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Explaining the resurgence of regionalism in
The past decade has witnessed a resurgence of regionalism in world politics. Old regionalist organizations have been revived, new organizations formed, and regionalism and the call for strengthened regionalist arrangements have been central to many of the debates about the nature of the post-Cold War international order.1 The number, scope and diversity of regionalist schemes have grown significantly since the last major 'regionalist wave' in the 1960s.2 Writing towards the end of this earlier regionalist wave, Joseph Nye could point to two major classes of regionalist activity: on the one hand, micro-economic organizations involving formal economic integration and characterized by formal institutional structures; and on the other, macro-regional political organizations concerned with controlling conflict.3 Today, in the political field, regional dinosaurs such as the Organization of African Unity (OAU) and the Organization of American States (OAS) have re-emerged. They have been joined both by a large number of aspiring micro-regional bodies (such as the Visegrad Pact and the Pentagonale in central Europe; the Arab Maghreb Union (AMU) and the Gulf Cooperation Council (GCC) in the Middle East; ECOWAS and possibly a revived Southern African Development Community (SADC, formerly * This article draws (with permission) on material in Louise Fawcett and Andrew Hurrell (eds.), Regionalism in World Politics (Oxford: OUP, forthcoming 1995). The author would like to thank Louise Fawcett, Ngaire Woods, William Wallace, Andrew Wyatt-Walter, Robert O'Brien and the journal's referees for their helpful comments.
For many analysts trends towards regionalism are well established. Dominick Salvatore, for example, believes that 'the world has already and probably irreversibly moved into an international trade order characterized by three major trading blocs': Dominick Salvatore, 'Protectionism and World Welfare: Introduction', in Salvatore (ed.), Protectionism and World Welfare (Cambridge: CUP, 1993), p. 10. Peter Drucker believes that the demands of what he calls the 'knowledge economy' 'makes regionalism both inevitable and irreversible': Peter F. Drucker, Post-Capitalist Society ( London: Butterworth Heinemann, 1993), p. 137. Aaron Friedberg argues that 'recent rhetoric notwithstanding, the dominant trend in world politics today is towards regionalization rather than globalization, toward fragmentation rather than unification': Aaron L. Friedberg, 'Ripe for Rivalry. Prospects for Peace in a Multipolar Asia', International Security, 18, 3 (Winter 1993/94), p. 5. See also W. W. Rostow, 'The Coming Age of Regionalism', Encounter, 74, 5 (June 1990); Richard Rosecrance, 'Regionalism and the Post-Cold War Era', International Journal, 46 (Summer 1991); and Kenichi Ohmae, 'The Rise of the Region State', Foreign Affairs (Spring 1991). 2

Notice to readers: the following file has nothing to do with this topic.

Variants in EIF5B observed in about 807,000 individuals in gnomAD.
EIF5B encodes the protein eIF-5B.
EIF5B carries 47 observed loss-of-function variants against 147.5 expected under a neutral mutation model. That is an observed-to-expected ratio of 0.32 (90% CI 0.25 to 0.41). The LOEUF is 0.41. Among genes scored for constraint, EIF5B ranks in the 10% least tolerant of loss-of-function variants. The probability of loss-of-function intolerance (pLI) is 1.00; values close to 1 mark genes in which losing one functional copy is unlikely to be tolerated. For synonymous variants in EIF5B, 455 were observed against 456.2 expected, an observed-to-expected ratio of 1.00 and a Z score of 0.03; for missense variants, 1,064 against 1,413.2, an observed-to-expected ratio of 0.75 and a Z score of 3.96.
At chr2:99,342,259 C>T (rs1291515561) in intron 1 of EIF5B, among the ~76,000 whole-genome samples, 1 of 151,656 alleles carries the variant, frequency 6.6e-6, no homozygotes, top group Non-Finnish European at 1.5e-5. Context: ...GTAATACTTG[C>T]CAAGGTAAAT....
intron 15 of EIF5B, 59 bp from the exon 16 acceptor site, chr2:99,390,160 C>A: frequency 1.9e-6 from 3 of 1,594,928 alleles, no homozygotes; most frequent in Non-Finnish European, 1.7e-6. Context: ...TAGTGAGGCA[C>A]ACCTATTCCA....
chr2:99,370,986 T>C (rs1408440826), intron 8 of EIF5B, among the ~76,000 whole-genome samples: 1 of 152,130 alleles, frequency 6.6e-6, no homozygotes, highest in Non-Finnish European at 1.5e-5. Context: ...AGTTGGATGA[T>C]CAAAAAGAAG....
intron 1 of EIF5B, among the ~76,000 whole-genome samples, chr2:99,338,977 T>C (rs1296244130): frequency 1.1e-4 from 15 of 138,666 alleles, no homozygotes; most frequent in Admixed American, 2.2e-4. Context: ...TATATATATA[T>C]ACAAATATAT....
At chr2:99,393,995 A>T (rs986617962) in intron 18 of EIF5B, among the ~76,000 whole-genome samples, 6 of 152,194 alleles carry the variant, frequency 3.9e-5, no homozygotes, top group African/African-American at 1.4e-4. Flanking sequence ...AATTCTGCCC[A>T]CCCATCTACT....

For quantitative data on increased involvement in regional organizations in the 1980s see Paul Taylor, International Organization in the Modern World. The Regional and Global Process ( London: Pinter, 1993), pp. 24-8.
Joseph S. Nye, Peace in Parts: Integration and Conflict in Regional Organizations (Boston: Little, Brown and Co., 1971).
SADCC) led by post-apartheid South Africa in Africa), and by loosely institutionalized meso-regional security groupings such as the Conference on Security and Cooperation in Europe (CSCE, now OSCE) and more recently the ASEAN Regional Forum (ARF). In the economic field, micro-regional schemes for economic cooperation or integration (such as the Southern Cone Common Market, Mercosur, the Andean Pact, the Central American Common Market (CACM) and CARICOM in the Americas; the attempts to expand economic integration within ASEAN; and the proliferation of free trade areas throughout...